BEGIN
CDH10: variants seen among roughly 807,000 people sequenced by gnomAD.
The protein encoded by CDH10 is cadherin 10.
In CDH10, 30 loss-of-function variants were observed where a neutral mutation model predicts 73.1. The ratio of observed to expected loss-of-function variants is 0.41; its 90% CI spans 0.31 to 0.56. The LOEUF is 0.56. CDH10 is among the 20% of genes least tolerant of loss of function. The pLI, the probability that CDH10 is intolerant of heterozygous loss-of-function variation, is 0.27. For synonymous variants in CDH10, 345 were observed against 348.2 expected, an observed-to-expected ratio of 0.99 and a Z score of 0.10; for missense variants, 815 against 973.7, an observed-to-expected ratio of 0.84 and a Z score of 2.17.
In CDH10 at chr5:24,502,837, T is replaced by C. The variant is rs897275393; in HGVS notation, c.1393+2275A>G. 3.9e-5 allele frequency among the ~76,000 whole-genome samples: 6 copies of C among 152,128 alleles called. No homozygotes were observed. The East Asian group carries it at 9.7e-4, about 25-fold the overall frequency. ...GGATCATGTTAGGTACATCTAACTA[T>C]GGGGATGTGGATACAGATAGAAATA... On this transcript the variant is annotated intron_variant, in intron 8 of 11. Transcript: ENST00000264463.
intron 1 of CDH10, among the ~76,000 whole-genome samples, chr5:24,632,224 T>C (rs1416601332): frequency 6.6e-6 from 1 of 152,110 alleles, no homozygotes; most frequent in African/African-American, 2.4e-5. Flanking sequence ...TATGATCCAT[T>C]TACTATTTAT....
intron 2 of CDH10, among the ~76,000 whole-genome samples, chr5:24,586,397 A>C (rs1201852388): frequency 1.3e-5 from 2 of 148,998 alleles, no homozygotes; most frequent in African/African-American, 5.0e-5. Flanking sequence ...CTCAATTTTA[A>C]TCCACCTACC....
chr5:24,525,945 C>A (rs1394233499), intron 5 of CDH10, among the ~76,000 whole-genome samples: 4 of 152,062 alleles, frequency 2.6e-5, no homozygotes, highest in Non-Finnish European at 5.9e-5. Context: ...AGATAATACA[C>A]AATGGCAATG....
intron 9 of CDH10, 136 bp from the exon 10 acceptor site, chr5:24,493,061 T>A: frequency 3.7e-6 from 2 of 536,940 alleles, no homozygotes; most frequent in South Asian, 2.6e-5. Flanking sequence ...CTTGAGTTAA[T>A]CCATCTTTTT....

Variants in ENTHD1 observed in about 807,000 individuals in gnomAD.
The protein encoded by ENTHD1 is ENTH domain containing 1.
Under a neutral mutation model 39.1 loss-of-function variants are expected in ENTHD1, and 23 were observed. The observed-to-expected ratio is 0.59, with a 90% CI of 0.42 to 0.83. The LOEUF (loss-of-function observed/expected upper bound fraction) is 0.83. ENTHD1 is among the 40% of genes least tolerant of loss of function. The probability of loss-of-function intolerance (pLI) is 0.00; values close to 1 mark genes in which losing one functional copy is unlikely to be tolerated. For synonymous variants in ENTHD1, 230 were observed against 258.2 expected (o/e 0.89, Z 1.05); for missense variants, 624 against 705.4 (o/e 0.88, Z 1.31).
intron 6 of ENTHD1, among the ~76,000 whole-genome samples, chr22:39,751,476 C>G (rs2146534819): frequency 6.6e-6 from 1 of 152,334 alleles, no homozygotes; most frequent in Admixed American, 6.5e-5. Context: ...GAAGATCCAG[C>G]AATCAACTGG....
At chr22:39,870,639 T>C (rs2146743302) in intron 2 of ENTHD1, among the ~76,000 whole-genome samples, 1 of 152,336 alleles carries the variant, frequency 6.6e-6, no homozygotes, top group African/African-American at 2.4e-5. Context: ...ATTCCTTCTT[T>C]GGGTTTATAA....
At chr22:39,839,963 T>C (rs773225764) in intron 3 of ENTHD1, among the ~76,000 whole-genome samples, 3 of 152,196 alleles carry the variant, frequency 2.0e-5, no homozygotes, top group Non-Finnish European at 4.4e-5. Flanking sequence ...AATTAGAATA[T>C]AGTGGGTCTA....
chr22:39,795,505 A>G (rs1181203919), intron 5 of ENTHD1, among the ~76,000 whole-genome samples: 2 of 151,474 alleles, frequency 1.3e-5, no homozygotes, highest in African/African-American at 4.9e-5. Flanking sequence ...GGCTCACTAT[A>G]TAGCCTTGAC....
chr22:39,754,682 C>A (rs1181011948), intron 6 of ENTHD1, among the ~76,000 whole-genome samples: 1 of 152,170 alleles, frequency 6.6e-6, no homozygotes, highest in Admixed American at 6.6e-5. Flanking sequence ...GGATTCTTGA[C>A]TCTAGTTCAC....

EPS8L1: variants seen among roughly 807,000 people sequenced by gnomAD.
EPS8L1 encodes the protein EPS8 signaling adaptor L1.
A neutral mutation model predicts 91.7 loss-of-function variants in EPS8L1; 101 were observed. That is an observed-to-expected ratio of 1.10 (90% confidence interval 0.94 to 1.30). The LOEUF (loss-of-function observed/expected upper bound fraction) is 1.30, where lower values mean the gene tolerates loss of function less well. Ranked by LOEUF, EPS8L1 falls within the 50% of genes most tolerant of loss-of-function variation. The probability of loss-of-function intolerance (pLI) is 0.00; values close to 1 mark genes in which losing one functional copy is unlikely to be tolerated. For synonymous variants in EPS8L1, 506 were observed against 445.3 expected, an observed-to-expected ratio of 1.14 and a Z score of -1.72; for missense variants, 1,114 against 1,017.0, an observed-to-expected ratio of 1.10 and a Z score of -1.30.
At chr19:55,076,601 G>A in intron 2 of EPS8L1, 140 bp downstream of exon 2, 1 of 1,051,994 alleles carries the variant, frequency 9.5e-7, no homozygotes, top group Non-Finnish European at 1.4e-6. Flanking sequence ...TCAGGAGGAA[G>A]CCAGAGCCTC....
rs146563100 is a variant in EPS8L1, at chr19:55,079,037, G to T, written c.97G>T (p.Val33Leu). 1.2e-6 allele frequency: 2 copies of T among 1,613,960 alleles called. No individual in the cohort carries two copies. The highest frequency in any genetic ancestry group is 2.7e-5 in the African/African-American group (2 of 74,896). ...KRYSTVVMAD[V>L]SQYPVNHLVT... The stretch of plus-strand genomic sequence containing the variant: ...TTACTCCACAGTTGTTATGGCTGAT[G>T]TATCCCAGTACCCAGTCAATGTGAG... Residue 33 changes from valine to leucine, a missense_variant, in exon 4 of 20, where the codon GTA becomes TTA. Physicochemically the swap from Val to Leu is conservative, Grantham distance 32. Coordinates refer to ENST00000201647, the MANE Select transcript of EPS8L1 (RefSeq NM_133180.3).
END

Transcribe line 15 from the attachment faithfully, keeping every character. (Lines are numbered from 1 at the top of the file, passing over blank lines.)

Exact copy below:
chr22:39,795,505 A>G (rs1181203919), intron 5 of ENTHD1, among the ~76,000 whole-genome samples: 2 of 151,474 alleles, frequency 1.3e-5, no homozygotes, highest in African/African-American at 4.9e-5. Flanking sequence ...GGCTCACTAT[A>G]TAGCCTTGAC....